Monday, January 4, 2010

DC Business Marketing in 2010 – 6 Online Marketing Steps to Take Right Now

Although the last decade hasn’t officially ended (we’re in the 10th year, after all), 2009’s economy and a double-digit change in years is enough for us to officially declare an end to the first decade of the 21st century. We entered the decade helping businesses and government agencies design websites and portals for maximum “user experience”, application performance and browser compatibility, all in the name of attracting and converting visitors. We end the decade designing for the same, albeit with a lot of change in the definitions of “users”, “experience”, “applications”, “performance” and “browsers”. Business marketing and systems engineering objectives remain the same for this new year, like every year - but the tools, methods, costs and audience are dramatically different.

Businesses like yours and ours use information technology to help manage and deliver many elements of our trade, from performance reporting and financial management, to data security and storage. “What” we need to do, to support our underlying sales and service processes, hasn’t changed – but the tools we can use sure have. For example, many more options will crowd the market this year for “cloud computing” services; basically made-to-order, flexible computing capabilities accessed over the Internet. Many more devices will enter the mainstream consumer market pre-wired for Internet access, from cellphone/PDA variants to personal game consoles and entertainment devices.

There’s simply a tremendous shift in attention and expertise required for successful business marketing from the platform or technology with which it’s delivered, to the channel and circumstances when and where it’s absorbed or delivered – more often than not in geosynchronous real-time.

While the fundamental methodology for online business marketing won’t change (appropriate content through the right channels to the right audience, backed by analytics and right time customer service) – new methods are required to deal with new contexts. Some degree of automation is essential, both in publishing and monitoring online content. Long-running campaigns require much shorter refresh cycles, that are created with the ability to respond to real time news and feedback. Press releases will continue to be useful, but implemented with a much broader and social definition of who or what the “Press” actually is.

Search will dominate even more, driving even more rapid shift of our marketing strategy to appease the ever-hungry search bots – every letter of our advertising need to be absolutely findable, from any Internet-connected device or channel.

Our audience for goods and services hasn’t really changed – it’s simply grown and segmented. Considering you’ve got a worthwhile, essential or just really cool product, more people than ever will have reason to buy it – provided they find it when, where and how they’re interacting online. So you’ve got to be there, everywhere – and it doesn’t need to cost the farm. We can all achieve huge returns on marketing and advertising dollar investment with a finely tuned, optimized and responsive Internet media campaign.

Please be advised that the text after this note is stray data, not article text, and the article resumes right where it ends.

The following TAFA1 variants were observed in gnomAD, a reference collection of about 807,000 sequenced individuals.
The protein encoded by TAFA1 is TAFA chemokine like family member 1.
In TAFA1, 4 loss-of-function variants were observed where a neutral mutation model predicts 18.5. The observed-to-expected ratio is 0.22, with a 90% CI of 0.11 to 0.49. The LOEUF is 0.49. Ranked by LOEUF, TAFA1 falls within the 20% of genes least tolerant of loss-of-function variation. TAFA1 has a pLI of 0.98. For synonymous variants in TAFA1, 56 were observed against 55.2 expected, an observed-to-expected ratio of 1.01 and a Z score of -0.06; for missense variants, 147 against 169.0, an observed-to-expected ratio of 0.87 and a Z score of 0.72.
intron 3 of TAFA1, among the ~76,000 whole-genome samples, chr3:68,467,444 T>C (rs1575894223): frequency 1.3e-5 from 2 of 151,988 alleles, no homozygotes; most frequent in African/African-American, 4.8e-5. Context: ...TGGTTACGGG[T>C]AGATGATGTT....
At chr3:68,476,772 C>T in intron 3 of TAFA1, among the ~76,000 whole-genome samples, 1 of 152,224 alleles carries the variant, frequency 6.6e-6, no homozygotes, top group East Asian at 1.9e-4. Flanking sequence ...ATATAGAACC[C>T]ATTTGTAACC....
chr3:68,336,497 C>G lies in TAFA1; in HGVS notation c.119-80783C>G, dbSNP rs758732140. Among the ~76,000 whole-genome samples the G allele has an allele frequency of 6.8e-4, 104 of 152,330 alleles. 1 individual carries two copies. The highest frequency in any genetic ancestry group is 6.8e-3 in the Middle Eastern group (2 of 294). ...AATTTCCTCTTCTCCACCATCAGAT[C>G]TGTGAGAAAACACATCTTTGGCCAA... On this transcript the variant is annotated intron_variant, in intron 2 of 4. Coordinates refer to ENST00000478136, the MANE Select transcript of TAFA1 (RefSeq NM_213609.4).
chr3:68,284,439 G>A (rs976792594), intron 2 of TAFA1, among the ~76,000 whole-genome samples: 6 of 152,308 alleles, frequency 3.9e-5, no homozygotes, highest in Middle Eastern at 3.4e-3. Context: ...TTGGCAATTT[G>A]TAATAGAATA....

Such a campaign can smartly benefit from the very best of a horde of cheaply-available online tools and services – though the filters of experience, risk management and practice are even more essential than ever. Yesterday’s ISP and anti-virus software don’t work today – nor do yesterday’s advertising agencies and broadcast or print media strategies. What’s the Google page rank of your advertising firm, or publisher?

That’s not to say all traditional media should be abandoned in 2010. Sure, post a classified or consider a print advertisement – but track the discrete conversions from each dollar spent, and balance this spend across ALL media channels available and that make sense, PARTICULARLY online search marketing. Challenge the magazine to which you just paid $1000, for a quarter-page ad, to do much more for you, with their own assets – promote your website on theirs, track conversions through both web and phone, send your ad out through their email distribution. Or just spend the $1000 on well-managed pay-per-click – try it out this year.

So here’s the lowdown, for DC, Northern Virginia and Loudoun business marketing – here’s what you need to do this year, to make 2010 your year of business recovery and marketing fitness:
  1. Get smart – learn about online marketing and Internet media; here’s a fantastic local Northern Virginia marketing and media course to consider
  2. Get mean and lean - restructure your entire marketing budget – spend more online, and track the results
  3. Where’s your audience? Meet them online, through social media - and it’s not all about advertising, it will be personal, and it will be a little scary
  4. Inventory and leverage your own digital assets – you’ve got photos, videos, papers, presentations, emails…everything has value as part of an integrated online marketing campaign
  5. Hire experienced staff, or outsource what you don’t do – the technology, digital publishing, media management, website maintenance and analytics, following and friending people, tracking all the new twitter apps
  6. Help each other in the local, regional business community. Realtors, promote local service providers; IT firms, promote local tourism – a rising tide lifts all boats!

Happy New Year!

KME Internet Marketing and Media - DC, Virginia, Maryland



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